Expression of novel genes in tissues like small specialized secretory glands are not usually well studied. However, the physiological significance of paralogous genes and protein isoforms cannot be fully understood without exhaustive knowledge of their tissue-specific expression. The present work illustrates this by the finding that rat αng is expressed in several lobes of the prostate at a higher level than in distal colon, the tissue that provided one of the names of H-K-ATPase.
An interesting fact is that the ATPase is expressed in the rat prostate in a lobe-specific manner, being virtually absent in the ventral part and present in the lateral and dorsal lobes and the coagulating gland (anterior prostate), an expression pattern that can be called anteriodorsolateral. This fact by itself is not unusual—other proteins are known to be expressed lobe-specifically, for example, β-microseminoprotein is specific for lateral prostate (33). However, to our knowledge this is the first report of the lobe-specific expression of a P-type ATPase.
Immunohistochemical localization of the ATPase in mouse and rat coagulating glands demonstrates that the ATPase is strictly confined to the lumen-exposed surface of the epithelium, and this means that the ATPase has apical polarization in rodent prostate epithelial cells. In contrast, α1-subunit of Na-K-ATPase was detected only in basolateral membranes of the coagulating gland. This is in line with observations of localization of the ATPases in rat distal colon (35, 47) and strengthens the view that protein sorting machinery destines Na-K-ATPase to basolateral and H-K-ATPase (both gastric and nongastric) to apical membrane compartments. Basolateral polarization of Na-K-ATPase in rat prostate has already been observed (39, 44), unfortunately without indication of the lobe used. However, Mobasheri et al. (40) recently reported that in human prostate epithelium, in contrast to the rat, Na-K-ATPase is present in both apical and lateral membranes. Although apical Na-K-ATPase was also found in some other epithelia, for example, in choroid plexus (37), the observation of species-specific differences in prostatic Na-K-ATPase polarization is intriguing.
The function of H-K-ATPase in rodent prostate is not easy to understand because the available data on ion composition on its secretion are rather limited (7). To the best of our knowledge, there are no data on the ion content in the secretions of the rat or mouse coagulating gland. However, Chow et al. (10) have extensively studied the secretions in these glands in the golden hamster. These studies showed that the ionic composition of the secretions from different parts of the prostate varies significantly. For example, the potassium concentration was 2.59 meq/l for the coagulating gland, 21.44 meq/l for the dorsolateral prostate, and 103.2 meq/l for the ventral prostate. Assuming that these values are also true in other rodent species and that the golden hamster has the same lobe-specific expression of nongastric H-K-ATPase, it would be reasonable to predict that the potassium concentration in the secretions is inversely related to the content of nongastric H-K-ATPase. This suggests that the function of prostatic H-K-ATPase is to take up potassium from the luminal fluids, thus maintaining the low potassium concentration. Because this enzyme performs H+/K+ exchange, its function could also result not only in the decrease of potassium in the extracellular fluid but also in its acidification. This luminal acidification may also be accomplished by V-type H+-ATPase. Interestingly, the pattern of this enzyme's cellular expression was shown to be different in different lobes of rat prostate. It was located mostly intracellularly in coagulating gland and ventral prostate but in both apical and basolateral membranes of the lateral prostate (26). Clearly, every lobe of the prostate has a very specific set of ion transporters.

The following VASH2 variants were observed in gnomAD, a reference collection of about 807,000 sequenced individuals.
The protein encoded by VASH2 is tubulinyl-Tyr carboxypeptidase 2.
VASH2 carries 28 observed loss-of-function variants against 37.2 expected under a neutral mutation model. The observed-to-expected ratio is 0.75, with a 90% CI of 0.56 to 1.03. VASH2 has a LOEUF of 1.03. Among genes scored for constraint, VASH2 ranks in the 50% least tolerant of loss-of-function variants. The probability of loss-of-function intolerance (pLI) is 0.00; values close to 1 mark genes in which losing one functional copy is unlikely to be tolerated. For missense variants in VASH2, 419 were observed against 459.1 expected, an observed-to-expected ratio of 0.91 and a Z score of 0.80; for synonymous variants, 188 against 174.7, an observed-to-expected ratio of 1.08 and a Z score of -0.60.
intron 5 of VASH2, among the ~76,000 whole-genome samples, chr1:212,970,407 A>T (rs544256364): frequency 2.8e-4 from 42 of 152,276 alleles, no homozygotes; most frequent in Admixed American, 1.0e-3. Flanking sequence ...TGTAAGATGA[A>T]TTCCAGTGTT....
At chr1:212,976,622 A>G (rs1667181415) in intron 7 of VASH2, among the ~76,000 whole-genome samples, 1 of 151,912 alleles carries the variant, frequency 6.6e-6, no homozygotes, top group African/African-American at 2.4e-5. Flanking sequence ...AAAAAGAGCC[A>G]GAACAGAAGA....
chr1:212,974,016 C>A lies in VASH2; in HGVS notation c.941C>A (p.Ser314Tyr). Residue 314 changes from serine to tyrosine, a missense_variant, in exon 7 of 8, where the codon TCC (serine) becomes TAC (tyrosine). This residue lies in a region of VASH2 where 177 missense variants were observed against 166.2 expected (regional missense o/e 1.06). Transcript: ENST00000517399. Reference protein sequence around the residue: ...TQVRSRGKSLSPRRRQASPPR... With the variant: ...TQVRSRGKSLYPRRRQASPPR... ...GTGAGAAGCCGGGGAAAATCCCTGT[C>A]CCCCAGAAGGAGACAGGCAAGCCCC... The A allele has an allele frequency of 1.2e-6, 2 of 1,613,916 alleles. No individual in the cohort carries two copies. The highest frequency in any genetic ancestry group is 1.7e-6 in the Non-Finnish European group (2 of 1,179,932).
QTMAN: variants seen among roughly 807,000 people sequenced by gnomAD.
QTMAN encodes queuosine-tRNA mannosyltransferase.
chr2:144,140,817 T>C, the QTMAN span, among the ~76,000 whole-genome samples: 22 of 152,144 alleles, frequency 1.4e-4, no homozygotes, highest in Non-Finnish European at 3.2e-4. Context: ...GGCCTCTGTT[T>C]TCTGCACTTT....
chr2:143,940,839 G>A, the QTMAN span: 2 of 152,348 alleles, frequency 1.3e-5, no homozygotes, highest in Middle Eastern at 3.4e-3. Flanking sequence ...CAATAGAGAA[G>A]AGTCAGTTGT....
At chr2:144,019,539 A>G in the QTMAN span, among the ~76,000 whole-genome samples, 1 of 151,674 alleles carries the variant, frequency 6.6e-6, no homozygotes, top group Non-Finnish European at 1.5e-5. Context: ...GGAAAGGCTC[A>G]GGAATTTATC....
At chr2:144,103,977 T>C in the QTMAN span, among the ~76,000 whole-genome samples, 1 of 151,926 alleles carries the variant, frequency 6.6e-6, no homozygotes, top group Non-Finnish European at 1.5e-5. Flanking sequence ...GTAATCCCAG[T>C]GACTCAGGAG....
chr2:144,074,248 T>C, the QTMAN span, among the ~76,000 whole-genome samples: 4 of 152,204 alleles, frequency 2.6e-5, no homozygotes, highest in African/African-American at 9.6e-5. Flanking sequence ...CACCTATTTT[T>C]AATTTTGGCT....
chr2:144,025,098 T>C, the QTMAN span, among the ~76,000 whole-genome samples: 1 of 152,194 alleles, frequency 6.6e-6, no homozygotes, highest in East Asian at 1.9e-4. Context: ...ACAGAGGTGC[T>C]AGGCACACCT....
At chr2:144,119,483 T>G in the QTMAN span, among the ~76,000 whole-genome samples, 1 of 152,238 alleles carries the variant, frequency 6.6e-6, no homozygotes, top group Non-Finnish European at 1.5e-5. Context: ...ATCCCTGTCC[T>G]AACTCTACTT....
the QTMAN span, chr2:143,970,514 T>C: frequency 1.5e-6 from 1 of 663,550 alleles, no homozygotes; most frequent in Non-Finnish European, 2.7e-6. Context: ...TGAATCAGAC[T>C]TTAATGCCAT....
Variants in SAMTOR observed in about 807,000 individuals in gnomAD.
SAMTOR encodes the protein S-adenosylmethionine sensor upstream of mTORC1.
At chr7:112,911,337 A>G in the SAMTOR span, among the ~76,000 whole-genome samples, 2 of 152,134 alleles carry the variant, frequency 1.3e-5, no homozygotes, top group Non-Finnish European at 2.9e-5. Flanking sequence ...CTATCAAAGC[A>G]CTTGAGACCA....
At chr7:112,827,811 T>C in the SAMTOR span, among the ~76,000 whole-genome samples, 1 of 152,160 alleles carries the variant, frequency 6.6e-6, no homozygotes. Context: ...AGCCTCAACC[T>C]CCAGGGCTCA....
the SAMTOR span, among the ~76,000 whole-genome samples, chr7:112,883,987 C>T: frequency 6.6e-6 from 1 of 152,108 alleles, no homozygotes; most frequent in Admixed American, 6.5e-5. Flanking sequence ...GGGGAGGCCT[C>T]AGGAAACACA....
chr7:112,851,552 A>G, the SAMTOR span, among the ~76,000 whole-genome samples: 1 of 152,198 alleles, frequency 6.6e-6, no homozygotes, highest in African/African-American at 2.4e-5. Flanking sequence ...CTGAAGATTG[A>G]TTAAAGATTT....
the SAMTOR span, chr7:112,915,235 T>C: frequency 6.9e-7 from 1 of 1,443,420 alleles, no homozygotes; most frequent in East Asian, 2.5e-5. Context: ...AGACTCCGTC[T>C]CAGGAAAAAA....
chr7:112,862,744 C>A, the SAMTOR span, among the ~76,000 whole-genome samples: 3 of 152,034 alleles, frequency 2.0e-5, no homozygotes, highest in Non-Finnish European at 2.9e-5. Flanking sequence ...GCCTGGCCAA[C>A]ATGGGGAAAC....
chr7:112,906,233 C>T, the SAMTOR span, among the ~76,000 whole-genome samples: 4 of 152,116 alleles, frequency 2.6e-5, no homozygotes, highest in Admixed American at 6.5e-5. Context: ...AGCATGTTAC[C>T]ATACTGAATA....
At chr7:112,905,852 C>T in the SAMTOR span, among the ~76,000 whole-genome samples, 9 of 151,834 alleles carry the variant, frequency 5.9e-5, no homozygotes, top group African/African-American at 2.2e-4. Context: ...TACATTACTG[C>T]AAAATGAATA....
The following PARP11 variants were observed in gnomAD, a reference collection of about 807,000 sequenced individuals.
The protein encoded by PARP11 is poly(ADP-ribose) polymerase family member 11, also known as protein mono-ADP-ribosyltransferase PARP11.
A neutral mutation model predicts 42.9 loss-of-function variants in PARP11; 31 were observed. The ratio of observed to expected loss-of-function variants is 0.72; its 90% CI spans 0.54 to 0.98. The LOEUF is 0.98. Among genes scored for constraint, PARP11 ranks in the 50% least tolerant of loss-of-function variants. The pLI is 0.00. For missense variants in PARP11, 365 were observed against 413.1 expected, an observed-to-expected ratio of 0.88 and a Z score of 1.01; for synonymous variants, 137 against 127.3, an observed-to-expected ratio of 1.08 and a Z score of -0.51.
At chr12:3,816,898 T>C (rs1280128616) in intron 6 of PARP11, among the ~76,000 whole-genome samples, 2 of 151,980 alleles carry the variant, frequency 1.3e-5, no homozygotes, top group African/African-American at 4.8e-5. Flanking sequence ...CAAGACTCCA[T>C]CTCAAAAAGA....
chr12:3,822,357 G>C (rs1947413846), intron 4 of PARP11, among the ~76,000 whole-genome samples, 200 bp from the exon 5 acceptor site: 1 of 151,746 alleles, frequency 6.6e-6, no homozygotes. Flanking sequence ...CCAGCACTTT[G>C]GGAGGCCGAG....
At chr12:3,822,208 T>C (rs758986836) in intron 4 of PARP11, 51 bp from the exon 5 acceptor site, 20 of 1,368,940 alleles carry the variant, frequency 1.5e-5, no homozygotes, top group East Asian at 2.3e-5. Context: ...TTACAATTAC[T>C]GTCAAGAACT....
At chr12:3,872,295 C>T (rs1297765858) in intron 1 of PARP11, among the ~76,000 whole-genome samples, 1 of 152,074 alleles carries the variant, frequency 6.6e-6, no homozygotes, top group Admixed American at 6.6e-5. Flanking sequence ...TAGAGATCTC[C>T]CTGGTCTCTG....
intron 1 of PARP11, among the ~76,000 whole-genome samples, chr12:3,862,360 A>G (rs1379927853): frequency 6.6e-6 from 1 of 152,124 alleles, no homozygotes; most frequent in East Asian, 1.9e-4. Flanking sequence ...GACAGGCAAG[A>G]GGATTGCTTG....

Nongastric H-K-ATPase is thought to be involved in maintenance of electrolyte homeostasis through K+ absorption and proton secretion in kidney and colon, especially in disease processes including ionic and acid-base disorders. The physiological importance of the differences in potassium concentration in secretions from different prostate lobes (10) is currently unknown, and it is especially difficult to examine because during copulation these secretions are mixed together (also with semen and fluids from seminal vesicles and uterus). This mixing leads to the formation of the so-called copulatory plug for which secretions of the coagulating gland are especially important (9), being the major source of the protein-cross-linking enzyme transglutaminase. At present, it is hardly possible to suggest a satisfactory explanation for the differences in the potassium concentration in secretions of different lobes (10). However, we can suggest that either the activity of some enzymes is regulated by potassium (for example, they might be inactive in the low-potassium fluid of the coagulating gland and be activated after the mixing of the secretions during coitus) or the prostate epithelium may use the K+ gradient for secondary transport processes. Whatever the exact relevance of the H+/K+ exchange in some parts of the rodent prostate may be, it is reasonable to speculate that the function of nongastric H-K-ATPase in these male accessory glands is important for normal formation of the copulatory plug.
In conclusion, we have found that αng is highly expressed in rodent prostate epithelium and is polarized to the apical membranes. Because the relative content of nongastric H-K-ATPase is higher in the coagulating gland than in distal colon (traditional tissues for the studies on the enzyme) whereas the content of Na-K-ATPase is lower, the coagulating gland may be a convenient source for isolation and further characterization of the structure and the function of nongastric H-K-ATPase.
We are grateful to Dr. Jack Kyte (University of California, San Diego, CA.) for the gift of anti-Na-K-ATPase polyclonal antibodies and Drs. Amir Askari, Andrew D. Beavis, and Sonia Najjar for valuable comments on the manuscript.
This work was supported by National Institutes of Health Grants HL-36573 and GM-54997 and by Russian Foundation for Basic Research Grants 00-04-48153 and 98-04-48408.
Address for reprint requests and other correspondence: N. N. Modyanov, Dept. of Pharmacology, Medical College of Ohio, 3035 Arlington Ave., Toledo, OH 43614 (E-mail:).
The costs of publication of this article were defrayed in part by the payment of page charges. The article must therefore be hereby marked “advertisement” in accordance with 18 U.S.C. Section 1734 solely to indicate this fact.
- Copyright © 2002 the American Physiological Society